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PRAIRIE COUNTRY: Things are a little wild on East Grand Forks farm

It's a pastoral scene on a mid-summer day as cows and bulls contentedly chew their cuds or chomp on hay as calves scamper about corrals north of East Grand Forks.

It's a pastoral scene on a mid-summer day as cows and bulls contentedly chew their cuds or chomp on hay as calves scamper about corrals north of East Grand Forks.

But things aren't always this tame at Grand Marais Elk Farm.

"Tagging calves is a little tough," said Brad Nelson, who owns the elk with partners Mike Horken and David Berg. He grins as he turns to his daughter, Kim, who confirms the understatement with a nod.

Even domesticated elk, the Nelsons explain, maintain their wily attitude toward people so chores such as putting ear tags on the calves are difficult in a couple of ways. First, it's hard to determine which elk calf belongs to which cow because the mothers won't rush over to their calves when humans approach or give any other indication that the calf belongs to them. Many times tagging becomes a waiting game until a calf finally gets hungry and nurses its mother.

It doesn't become a piece of cake then, either, as the protective mothers may send their handlers heading for the other side of the fence if their young are approached.


"They're pretty defensive," Nelson said. "They'll charge you."

Growing business

Overall, though, raising the animals has become easier during the last eight years as the Nelsons have become accustomed to their wild ways. It's a good thing because their herd has swelled from three bulls purchased in 2000 to 70 head of bulls, cows and calves.

"We never figured this was going to get this big," said Brad Nelson. He and Berg decided to raise the animals because the meat and velvet markets were lucrative.

While the size of the Grand Marais herd has nearly doubled beyond what Nelson and Berg originally had planned, the number of domestic elk in Minnesota has declined in the past five years, according to the Minnesota Department of Agriculture.

There were 9,921 farmed elk in 2006, down from 10,966 in 2001. But the number of elk farms rose slightly, from 264 in 2001 to 280 in 2006. The elk meat market, velvet market and the sale of elk bulls to preserves has helped diversify the elk industry, according to the Minnesota Elk Breeders Association.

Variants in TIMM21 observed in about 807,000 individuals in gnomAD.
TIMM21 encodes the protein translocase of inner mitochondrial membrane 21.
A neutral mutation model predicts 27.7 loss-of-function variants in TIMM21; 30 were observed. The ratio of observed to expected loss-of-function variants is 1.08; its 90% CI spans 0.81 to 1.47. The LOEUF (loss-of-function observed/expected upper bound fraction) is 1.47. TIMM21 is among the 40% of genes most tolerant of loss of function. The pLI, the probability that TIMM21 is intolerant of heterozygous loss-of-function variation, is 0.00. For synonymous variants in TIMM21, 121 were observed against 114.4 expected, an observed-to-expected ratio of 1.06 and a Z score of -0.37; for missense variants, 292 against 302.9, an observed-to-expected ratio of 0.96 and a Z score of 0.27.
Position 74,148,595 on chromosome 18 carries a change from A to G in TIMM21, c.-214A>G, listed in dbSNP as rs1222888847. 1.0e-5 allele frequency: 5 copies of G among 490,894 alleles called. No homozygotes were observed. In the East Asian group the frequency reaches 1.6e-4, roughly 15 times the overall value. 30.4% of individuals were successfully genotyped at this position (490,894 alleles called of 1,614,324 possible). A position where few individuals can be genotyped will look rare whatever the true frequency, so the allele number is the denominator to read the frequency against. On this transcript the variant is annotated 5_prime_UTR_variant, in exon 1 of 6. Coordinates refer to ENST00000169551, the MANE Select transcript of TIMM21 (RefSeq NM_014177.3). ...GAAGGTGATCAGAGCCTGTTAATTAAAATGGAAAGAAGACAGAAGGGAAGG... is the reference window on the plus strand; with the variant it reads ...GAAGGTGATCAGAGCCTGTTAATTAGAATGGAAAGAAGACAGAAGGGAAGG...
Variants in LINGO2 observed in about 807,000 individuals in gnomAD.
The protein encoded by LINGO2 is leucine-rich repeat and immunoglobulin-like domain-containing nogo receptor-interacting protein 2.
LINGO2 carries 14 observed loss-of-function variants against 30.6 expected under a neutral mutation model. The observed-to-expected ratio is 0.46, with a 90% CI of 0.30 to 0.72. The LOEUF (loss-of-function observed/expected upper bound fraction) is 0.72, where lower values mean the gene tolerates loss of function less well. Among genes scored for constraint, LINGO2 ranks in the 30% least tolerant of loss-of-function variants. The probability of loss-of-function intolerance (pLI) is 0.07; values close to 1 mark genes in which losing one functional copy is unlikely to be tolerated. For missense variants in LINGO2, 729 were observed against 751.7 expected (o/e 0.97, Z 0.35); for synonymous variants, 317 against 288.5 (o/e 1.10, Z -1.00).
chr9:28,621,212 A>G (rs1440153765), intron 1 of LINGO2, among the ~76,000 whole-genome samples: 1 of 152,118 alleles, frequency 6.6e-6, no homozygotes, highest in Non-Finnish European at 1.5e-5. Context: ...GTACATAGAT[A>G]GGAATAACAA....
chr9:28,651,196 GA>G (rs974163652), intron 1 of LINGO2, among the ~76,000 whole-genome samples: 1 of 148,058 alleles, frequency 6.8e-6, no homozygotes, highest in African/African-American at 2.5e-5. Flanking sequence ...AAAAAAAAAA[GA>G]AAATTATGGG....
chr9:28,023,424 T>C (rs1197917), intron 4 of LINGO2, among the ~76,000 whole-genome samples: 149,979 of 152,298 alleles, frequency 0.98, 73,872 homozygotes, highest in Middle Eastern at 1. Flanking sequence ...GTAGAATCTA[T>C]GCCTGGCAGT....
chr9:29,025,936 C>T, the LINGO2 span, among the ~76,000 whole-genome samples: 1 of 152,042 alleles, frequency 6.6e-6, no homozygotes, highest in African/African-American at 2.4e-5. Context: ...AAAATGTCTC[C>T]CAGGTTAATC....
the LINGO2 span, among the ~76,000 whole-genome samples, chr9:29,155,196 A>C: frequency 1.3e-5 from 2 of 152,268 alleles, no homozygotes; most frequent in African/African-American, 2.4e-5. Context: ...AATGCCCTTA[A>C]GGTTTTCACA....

Grand Marais Elk Farm is a second business, for Nelson, a grain and row crop farmer; Berg, an insurance agent and livestock producer; and Horken, a Minnesota potato inspector.


The men sell the elk antler velvet for about $30 a pound, the current market rate, to travelling buyers. This month they will sell about 200 pounds of the velvet which they harvested from 16 bulls. The velvet, which is purchased by buyers who sell the velvet domestically for pharmaceutical use and to Asian markets for an aphrodisiac, is harvested once yearly.

The elk antlers begin getting new horns immediately after the old ones are removed.

"It's unbelievable, how fast they grow," Nelson said.

Besides the elk velvet, Grand Marais Elk Farm sells meat in cuts from steaks to summer sausage. The animals are butchered in Barnesville, Minn., one of the few state-inspected facilities in northwest Minnesota.

Besides being inspected at slaughtering, live elk are tested once every two years for tuberculosis by a veterinarian.

Another career

Things like observing the TB testing, helping with calving and feeding the elk piqued 18-year-old Kim Nelson's interest in livestock and the East Grand Forks Senior High School graduate plans to attend the University of Minnesota Crookston this fall and major in pre-veterinary science and agronomy. She hopes to become a large animal veterinarian practicing on animals that include elk.

After working with the elk since she was 10, the younger Nelson has developed a fondness for them -- even though part of her chores have included helping build 8-foot fences.


"I like the animals. Cattle are boring," she said.

Information on elk meat: Phone Nelson at (218) 791-1997; Horken at (218) 779-2510 or Berg at (218) 779-2344.

Bailey writes for special features sections. Reach her at (701) 787-6753; (800) 477-6572, ext. 753; or send e-mail to abailey@gfherald.com .

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